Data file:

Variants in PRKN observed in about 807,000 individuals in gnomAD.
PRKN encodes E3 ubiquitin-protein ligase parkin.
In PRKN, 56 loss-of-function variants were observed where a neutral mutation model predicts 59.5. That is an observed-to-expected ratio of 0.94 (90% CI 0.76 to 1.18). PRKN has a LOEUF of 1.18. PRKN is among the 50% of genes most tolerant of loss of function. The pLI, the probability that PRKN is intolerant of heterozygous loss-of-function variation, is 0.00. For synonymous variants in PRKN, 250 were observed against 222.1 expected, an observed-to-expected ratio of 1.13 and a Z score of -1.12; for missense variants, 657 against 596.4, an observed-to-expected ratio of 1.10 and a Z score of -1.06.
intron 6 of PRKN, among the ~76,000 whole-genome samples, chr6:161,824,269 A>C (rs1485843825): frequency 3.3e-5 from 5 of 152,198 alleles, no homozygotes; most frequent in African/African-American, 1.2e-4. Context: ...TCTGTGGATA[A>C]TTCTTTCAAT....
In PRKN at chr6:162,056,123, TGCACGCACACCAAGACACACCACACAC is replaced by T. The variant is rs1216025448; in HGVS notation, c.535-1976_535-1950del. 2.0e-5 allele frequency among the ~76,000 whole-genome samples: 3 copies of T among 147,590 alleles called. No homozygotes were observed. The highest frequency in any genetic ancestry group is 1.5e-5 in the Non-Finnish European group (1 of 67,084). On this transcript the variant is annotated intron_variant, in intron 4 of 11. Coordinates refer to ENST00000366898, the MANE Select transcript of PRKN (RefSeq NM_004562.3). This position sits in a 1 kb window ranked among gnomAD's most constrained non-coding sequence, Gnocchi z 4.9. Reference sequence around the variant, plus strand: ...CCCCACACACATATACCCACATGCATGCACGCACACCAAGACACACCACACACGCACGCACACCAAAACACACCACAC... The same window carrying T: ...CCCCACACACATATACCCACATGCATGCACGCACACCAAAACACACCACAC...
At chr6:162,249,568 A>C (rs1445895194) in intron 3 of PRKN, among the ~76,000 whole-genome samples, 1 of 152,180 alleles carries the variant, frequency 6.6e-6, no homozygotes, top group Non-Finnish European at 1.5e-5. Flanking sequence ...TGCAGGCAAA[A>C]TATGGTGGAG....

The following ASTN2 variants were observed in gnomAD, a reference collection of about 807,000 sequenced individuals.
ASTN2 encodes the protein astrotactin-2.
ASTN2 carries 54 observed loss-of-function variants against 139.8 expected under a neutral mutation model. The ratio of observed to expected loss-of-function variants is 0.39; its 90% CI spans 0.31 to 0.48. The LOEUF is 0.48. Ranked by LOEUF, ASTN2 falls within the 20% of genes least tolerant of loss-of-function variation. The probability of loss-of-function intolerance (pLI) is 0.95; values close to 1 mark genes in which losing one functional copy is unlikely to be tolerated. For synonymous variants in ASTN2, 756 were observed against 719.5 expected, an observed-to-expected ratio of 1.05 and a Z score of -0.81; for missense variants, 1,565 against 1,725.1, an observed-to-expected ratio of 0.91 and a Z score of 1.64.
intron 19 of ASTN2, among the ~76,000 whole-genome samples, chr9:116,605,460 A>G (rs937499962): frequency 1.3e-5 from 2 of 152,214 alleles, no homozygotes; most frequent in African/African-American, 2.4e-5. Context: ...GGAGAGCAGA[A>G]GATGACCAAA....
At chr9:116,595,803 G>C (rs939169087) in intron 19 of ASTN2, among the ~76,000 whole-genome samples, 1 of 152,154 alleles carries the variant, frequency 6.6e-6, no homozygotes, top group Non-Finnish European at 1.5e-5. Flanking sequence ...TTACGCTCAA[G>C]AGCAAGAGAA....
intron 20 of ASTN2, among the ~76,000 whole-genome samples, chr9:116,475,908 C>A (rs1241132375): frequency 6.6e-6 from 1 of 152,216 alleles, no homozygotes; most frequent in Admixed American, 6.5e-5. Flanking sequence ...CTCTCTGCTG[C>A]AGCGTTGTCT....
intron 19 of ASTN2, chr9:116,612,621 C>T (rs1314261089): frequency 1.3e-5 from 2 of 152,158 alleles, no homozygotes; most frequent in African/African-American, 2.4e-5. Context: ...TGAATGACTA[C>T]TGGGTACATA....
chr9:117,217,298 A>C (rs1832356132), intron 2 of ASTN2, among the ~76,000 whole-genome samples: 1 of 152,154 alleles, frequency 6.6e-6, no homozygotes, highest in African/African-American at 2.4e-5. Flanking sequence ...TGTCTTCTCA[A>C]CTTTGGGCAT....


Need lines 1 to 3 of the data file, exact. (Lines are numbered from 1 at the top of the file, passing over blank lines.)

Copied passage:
Variants in PRKN observed in about 807,000 individuals in gnomAD.
PRKN encodes E3 ubiquitin-protein ligase parkin.
In PRKN, 56 loss-of-function variants were observed where a neutral mutation model predicts 59.5. That is an observed-to-expected ratio of 0.94 (90% CI 0.76 to 1.18). PRKN has a LOEUF of 1.18. PRKN is among the 50% of genes most tolerant of loss of function. The pLI, the probability that PRKN is intolerant of heterozygous loss-of-function variation, is 0.00. For synonymous variants in PRKN, 250 were observed against 222.1 expected, an observed-to-expected ratio of 1.13 and a Z score of -1.12; for missense variants, 657 against 596.4, an observed-to-expected ratio of 1.10 and a Z score of -1.06.